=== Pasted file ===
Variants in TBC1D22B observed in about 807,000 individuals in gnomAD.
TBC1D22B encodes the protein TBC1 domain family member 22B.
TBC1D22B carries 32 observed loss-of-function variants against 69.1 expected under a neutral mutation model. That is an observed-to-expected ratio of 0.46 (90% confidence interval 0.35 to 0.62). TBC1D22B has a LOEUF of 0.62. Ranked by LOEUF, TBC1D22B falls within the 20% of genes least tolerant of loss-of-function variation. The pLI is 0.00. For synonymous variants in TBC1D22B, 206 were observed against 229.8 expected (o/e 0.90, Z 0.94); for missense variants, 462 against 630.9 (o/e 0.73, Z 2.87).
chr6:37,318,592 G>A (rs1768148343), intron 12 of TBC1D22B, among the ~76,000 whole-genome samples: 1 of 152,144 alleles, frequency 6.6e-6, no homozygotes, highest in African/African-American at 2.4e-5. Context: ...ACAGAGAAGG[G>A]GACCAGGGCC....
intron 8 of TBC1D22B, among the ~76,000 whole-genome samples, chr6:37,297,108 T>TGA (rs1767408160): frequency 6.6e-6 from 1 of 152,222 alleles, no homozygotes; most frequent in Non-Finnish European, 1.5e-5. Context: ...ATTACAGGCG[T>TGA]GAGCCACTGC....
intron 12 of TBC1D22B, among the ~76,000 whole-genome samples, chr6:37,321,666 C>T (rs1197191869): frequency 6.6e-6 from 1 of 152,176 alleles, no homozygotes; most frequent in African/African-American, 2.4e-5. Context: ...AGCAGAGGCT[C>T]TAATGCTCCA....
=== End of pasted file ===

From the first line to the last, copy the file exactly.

Variants in TBC1D22B observed in about 807,000 individuals in gnomAD.
TBC1D22B encodes the protein TBC1 domain family member 22B.
TBC1D22B carries 32 observed loss-of-function variants against 69.1 expected under a neutral mutation model. That is an observed-to-expected ratio of 0.46 (90% confidence interval 0.35 to 0.62). TBC1D22B has a LOEUF of 0.62. Ranked by LOEUF, TBC1D22B falls within the 20% of genes least tolerant of loss-of-function variation. The pLI is 0.00. For synonymous variants in TBC1D22B, 206 were observed against 229.8 expected (o/e 0.90, Z 0.94); for missense variants, 462 against 630.9 (o/e 0.73, Z 2.87).
chr6:37,318,592 G>A (rs1768148343), intron 12 of TBC1D22B, among the ~76,000 whole-genome samples: 1 of 152,144 alleles, frequency 6.6e-6, no homozygotes, highest in African/African-American at 2.4e-5. Context: ...ACAGAGAAGG[G>A]GACCAGGGCC....
intron 8 of TBC1D22B, among the ~76,000 whole-genome samples, chr6:37,297,108 T>TGA (rs1767408160): frequency 6.6e-6 from 1 of 152,222 alleles, no homozygotes; most frequent in Non-Finnish European, 1.5e-5. Context: ...ATTACAGGCG[T>TGA]GAGCCACTGC....
intron 12 of TBC1D22B, among the ~76,000 whole-genome samples, chr6:37,321,666 C>T (rs1197191869): frequency 6.6e-6 from 1 of 152,176 alleles, no homozygotes; most frequent in African/African-American, 2.4e-5. Context: ...AGCAGAGGCT[C>T]TAATGCTCCA....